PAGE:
“The French authorities in this difficult context have taken steps with Iranian authorities to get information from them on her situation and the conditions of her arrest and asked for consular access as is foreseen in these circumstances, a necessary precursor for her quick release,” French Foreign Ministry spokeswoman Agnes von der Muhll said in a statement. “No satisfactory response has been given to these requests.”
In July, Adelkhah was allowed to meet with French consulate officials in Iran and see her family.
Fariba Adelkhah’s studies as a research director at Sciences Po are published on the university’s website. Professors and academics at various universities both inside and outside Iran have cited her work, which covers “social anthropology and political anthropology of post-revolutionary Iran — family, business, youth and women, anthropology of travel, migration, smuggling, exile — and anthropology of transnational religious and merchant networks in Iran and Afghanistan.” She has written and translated several books on anthropology, the clergy and the clergy’s relationship with politics.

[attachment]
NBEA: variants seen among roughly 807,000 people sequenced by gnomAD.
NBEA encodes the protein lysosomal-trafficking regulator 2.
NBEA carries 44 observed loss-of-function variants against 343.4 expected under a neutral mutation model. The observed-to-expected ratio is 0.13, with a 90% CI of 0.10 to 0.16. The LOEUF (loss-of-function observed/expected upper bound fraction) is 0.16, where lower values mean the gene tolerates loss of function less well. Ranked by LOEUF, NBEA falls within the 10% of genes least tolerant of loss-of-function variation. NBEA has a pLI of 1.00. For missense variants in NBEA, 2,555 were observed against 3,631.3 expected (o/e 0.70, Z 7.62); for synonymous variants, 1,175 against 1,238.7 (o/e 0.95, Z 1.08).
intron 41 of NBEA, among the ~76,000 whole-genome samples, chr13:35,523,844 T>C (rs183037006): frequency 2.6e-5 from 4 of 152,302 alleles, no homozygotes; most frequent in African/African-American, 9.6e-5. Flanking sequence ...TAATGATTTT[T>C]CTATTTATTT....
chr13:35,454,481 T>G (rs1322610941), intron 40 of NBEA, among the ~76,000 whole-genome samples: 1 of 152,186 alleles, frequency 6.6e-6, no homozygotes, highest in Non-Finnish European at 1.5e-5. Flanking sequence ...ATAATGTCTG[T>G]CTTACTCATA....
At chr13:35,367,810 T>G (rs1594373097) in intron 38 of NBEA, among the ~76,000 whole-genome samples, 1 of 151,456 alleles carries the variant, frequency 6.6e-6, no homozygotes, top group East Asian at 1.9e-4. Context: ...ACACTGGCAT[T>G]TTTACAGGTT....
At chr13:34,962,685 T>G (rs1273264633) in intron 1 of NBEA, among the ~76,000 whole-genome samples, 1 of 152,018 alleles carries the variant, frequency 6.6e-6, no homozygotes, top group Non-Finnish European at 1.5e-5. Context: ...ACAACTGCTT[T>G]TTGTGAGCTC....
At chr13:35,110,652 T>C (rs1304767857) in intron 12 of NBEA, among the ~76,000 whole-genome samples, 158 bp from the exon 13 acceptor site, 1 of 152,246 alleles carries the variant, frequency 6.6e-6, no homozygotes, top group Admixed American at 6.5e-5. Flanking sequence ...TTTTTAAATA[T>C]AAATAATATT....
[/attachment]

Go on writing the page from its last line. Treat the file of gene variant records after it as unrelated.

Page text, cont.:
French officials have reportedly appealed to the Iranian-French academic community to not speak out to the media about the arrest so that negotiations between the two countries can progress. The French media has not reported on the negotiations or on Adelkhah’s case.
But on September 5, the rightwing French paper Le Figaro published news analysis of the reasons behind Fariba Adelkhah’s arrest [French link]. According to one theory cited by the report, the Islamic Republic wants to exchange Adelkhah for Jalal Rohollahnejad, an Iranian engineer who was arrested at Nice airport in February. In May, a French court approved the extradition of Rohollahnejad to the United States to face charges of attempting to illegally import US technology for military purposes on behalf of an Iranian company. If the French government approves and carries out the extradition, he faces up to 60 years in prison.